Schools not preparing youth for work: Poll
Seven in 10 young people are unsure or do not think the tertiary education they receive in Singapore prepares them sufficiently to join the workforce, according to an online poll.
The finding from a 2018 survey by Youth.SG, a portal supported by the National Youth Council (NYC), was reaffirmed at two dialogues on lifelong learning, also held last year, for people aged between 15 and 35.
One dialogue participant, Ms Nirmal Bhai S. Sundramoorthi, a pharmacy technician, recounted how a gap in her knowledge kept a patient waiting.
The patient had told her his medical allergies after she handed him his prescribed drugs.
For such a situation, her lecturers at a local polytechnic had told her to just consult the doctor for an alternative medicine.
"But at work, I found you first need to know what's available in the pharmacy because the doctors will ask you to suggest an alternative. It took me some time to find the alternative, causing the patient to wait longer than necessary," said the 24-year-old.
The episode, however, drove home to her the importance of continuous learning, she added.
The account was among the highlights in a new NYC online report on the seven-month dialogue series called Youth Conversations that was launched last April. It covered such issues as success, mental health and environmental sustainability.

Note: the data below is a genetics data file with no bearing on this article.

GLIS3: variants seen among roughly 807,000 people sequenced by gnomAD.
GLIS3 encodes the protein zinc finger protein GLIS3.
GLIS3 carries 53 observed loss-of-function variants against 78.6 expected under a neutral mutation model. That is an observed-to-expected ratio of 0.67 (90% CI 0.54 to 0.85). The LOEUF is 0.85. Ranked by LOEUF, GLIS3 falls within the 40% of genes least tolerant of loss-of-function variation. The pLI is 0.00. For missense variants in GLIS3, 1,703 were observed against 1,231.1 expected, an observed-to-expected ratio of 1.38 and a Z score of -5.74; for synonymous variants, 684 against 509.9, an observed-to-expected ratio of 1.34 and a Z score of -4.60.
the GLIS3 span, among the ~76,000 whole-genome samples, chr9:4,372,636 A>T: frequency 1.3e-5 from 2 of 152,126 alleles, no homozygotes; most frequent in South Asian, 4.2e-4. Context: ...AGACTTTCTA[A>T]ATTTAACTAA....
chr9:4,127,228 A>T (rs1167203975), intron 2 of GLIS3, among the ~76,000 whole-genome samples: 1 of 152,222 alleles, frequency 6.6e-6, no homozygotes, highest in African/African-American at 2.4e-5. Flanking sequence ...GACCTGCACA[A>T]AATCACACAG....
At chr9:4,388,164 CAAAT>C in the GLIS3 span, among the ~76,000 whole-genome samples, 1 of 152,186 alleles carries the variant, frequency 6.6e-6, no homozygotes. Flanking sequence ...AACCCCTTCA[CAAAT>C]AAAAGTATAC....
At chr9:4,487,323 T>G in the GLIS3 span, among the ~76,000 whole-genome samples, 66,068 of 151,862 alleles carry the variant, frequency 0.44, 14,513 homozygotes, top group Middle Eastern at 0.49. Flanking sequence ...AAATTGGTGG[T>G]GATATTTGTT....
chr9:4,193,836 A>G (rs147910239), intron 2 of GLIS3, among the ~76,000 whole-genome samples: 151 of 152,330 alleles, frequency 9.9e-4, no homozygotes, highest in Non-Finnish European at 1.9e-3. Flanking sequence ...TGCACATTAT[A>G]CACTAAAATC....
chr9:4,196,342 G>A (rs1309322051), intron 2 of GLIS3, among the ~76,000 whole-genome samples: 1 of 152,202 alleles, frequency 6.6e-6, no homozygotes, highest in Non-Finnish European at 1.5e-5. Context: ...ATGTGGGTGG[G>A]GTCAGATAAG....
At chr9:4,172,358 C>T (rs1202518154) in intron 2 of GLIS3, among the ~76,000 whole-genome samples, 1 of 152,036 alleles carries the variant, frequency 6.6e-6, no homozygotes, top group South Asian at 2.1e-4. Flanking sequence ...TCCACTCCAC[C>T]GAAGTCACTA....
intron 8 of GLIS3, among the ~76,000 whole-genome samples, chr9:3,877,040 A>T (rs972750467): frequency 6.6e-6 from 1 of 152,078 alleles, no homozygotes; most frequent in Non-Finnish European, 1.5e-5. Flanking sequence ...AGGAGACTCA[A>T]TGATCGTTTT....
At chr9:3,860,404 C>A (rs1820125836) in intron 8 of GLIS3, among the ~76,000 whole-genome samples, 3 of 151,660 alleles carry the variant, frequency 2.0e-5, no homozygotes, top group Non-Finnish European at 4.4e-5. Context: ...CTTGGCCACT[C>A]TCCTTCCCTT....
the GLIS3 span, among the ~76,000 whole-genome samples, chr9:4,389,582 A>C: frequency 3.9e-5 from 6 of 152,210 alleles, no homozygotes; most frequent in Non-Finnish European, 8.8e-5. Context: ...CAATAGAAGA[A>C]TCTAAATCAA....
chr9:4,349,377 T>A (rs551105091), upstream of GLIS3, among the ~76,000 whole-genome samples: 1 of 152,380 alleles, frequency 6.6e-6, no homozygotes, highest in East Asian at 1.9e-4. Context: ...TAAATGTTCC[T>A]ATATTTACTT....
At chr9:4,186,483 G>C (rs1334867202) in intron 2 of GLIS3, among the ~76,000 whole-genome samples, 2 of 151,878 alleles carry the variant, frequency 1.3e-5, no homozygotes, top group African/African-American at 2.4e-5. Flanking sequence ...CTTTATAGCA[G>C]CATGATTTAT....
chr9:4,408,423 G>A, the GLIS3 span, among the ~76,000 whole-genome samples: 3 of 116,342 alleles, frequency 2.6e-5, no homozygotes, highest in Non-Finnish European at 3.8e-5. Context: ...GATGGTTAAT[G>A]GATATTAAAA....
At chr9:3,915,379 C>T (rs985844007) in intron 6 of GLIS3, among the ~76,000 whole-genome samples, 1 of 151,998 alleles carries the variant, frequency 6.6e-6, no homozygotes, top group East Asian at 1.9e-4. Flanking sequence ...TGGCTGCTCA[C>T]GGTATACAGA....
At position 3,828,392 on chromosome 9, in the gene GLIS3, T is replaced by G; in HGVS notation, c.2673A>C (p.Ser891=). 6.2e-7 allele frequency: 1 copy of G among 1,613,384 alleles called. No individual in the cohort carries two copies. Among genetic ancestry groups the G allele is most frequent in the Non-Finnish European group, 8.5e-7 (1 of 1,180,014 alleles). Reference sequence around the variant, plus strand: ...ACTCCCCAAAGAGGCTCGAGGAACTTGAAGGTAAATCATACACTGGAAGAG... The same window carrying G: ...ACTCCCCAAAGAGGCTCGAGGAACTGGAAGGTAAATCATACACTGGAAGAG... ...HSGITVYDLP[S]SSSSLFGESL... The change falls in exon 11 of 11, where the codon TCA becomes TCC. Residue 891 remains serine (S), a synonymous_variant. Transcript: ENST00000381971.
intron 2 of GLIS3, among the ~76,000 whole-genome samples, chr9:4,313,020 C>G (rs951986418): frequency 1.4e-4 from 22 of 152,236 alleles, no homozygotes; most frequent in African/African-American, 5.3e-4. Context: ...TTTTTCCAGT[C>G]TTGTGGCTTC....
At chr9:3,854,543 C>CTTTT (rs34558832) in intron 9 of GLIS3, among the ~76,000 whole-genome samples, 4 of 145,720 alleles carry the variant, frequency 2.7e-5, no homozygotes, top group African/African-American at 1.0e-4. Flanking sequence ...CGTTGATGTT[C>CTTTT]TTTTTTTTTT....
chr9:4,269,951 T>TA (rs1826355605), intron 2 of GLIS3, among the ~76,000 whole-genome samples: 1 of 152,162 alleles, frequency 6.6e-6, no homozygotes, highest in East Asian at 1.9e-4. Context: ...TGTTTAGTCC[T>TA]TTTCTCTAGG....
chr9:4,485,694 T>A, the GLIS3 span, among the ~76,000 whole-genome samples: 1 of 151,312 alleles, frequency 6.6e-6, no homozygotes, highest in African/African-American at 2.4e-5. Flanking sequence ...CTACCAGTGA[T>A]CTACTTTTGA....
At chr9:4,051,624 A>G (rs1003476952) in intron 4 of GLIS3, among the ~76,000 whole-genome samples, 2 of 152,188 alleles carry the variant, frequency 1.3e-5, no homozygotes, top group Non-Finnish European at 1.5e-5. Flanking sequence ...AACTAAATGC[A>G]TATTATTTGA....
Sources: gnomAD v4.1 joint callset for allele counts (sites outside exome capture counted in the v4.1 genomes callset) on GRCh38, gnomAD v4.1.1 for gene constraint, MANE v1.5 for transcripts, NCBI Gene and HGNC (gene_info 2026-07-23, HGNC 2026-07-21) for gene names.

In all, almost 3,000 young people were involved in 30 discussion groups and more than 5,000 in online polls.
Like Ms Nirmal, most agreed they have to continually acquire new skills and knowledge to keep up with rapid changes in industries.
But they worry they may not have enough time or energy to pick up new skills while working full-time.
Responding to their views on education, Associate Professor Mary Anne Heng of the National Institute of Education said there are several important skills students must retain from school.
"It is important for students to develop critical soft skills such as resilience, the ability to deal with ambiguity, uncertainty and failure as such human skills cannot be replicated by technology," Prof Heng told The Straits Times. She is associate dean at the institute's Curriculum, Teaching and Learning Academic Group.
On success, the report said the dialogue series showed young people view it beyond just attaining good jobs and financial security.
Instead, they strive for non-conventional goals, such as personal development, emotional well-being and a greater purpose in life.
These were based on responses from almost 160 dialogue participants and over 500 online respondents.
The dialogue series will be held yearly until 2024 and the findings will be used by the Culture, Community and Youth Ministry, which oversees the NYC, to produce an initiative that will let young people work with the Government to find solutions to the issues they care about.
This SG Youth Action Plan is set to take off in 2025.
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